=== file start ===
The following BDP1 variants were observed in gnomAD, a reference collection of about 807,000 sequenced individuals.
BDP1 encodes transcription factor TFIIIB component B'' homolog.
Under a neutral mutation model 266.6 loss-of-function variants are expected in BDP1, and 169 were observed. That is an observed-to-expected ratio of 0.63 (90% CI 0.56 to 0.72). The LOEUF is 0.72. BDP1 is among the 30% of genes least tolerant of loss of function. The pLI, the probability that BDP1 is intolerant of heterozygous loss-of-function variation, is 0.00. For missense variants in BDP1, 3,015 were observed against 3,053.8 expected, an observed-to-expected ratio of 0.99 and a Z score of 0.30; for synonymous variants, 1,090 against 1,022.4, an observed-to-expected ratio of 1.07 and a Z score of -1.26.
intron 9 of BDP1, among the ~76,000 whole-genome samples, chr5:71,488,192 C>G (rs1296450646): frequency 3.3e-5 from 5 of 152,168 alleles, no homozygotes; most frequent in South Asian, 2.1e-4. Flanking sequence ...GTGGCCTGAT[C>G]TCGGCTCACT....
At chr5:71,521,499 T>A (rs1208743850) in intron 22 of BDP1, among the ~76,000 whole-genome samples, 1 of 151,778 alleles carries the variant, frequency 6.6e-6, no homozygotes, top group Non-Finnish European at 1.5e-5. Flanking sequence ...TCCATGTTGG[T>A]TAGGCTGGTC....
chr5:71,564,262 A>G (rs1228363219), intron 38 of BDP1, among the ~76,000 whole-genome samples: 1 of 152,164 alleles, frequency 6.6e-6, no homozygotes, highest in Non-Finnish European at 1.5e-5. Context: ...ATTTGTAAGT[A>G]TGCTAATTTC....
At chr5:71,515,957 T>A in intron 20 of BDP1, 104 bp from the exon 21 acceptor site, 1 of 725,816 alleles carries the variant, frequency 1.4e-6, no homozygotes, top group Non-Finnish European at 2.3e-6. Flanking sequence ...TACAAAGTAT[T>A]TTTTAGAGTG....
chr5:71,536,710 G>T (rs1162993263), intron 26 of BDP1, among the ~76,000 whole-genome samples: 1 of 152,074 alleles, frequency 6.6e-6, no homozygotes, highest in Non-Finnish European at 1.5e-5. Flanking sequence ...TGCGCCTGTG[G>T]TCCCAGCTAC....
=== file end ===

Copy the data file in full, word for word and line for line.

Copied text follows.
The following BDP1 variants were observed in gnomAD, a reference collection of about 807,000 sequenced individuals.
BDP1 encodes transcription factor TFIIIB component B'' homolog.
Under a neutral mutation model 266.6 loss-of-function variants are expected in BDP1, and 169 were observed. That is an observed-to-expected ratio of 0.63 (90% CI 0.56 to 0.72). The LOEUF is 0.72. BDP1 is among the 30% of genes least tolerant of loss of function. The pLI, the probability that BDP1 is intolerant of heterozygous loss-of-function variation, is 0.00. For missense variants in BDP1, 3,015 were observed against 3,053.8 expected, an observed-to-expected ratio of 0.99 and a Z score of 0.30; for synonymous variants, 1,090 against 1,022.4, an observed-to-expected ratio of 1.07 and a Z score of -1.26.
intron 9 of BDP1, among the ~76,000 whole-genome samples, chr5:71,488,192 C>G (rs1296450646): frequency 3.3e-5 from 5 of 152,168 alleles, no homozygotes; most frequent in South Asian, 2.1e-4. Flanking sequence ...GTGGCCTGAT[C>G]TCGGCTCACT....
At chr5:71,521,499 T>A (rs1208743850) in intron 22 of BDP1, among the ~76,000 whole-genome samples, 1 of 151,778 alleles carries the variant, frequency 6.6e-6, no homozygotes, top group Non-Finnish European at 1.5e-5. Flanking sequence ...TCCATGTTGG[T>A]TAGGCTGGTC....
chr5:71,564,262 A>G (rs1228363219), intron 38 of BDP1, among the ~76,000 whole-genome samples: 1 of 152,164 alleles, frequency 6.6e-6, no homozygotes, highest in Non-Finnish European at 1.5e-5. Context: ...ATTTGTAAGT[A>G]TGCTAATTTC....
At chr5:71,515,957 T>A in intron 20 of BDP1, 104 bp from the exon 21 acceptor site, 1 of 725,816 alleles carries the variant, frequency 1.4e-6, no homozygotes, top group Non-Finnish European at 2.3e-6. Flanking sequence ...TACAAAGTAT[T>A]TTTTAGAGTG....
chr5:71,536,710 G>T (rs1162993263), intron 26 of BDP1, among the ~76,000 whole-genome samples: 1 of 152,074 alleles, frequency 6.6e-6, no homozygotes, highest in Non-Finnish European at 1.5e-5. Flanking sequence ...TGCGCCTGTG[G>T]TCCCAGCTAC....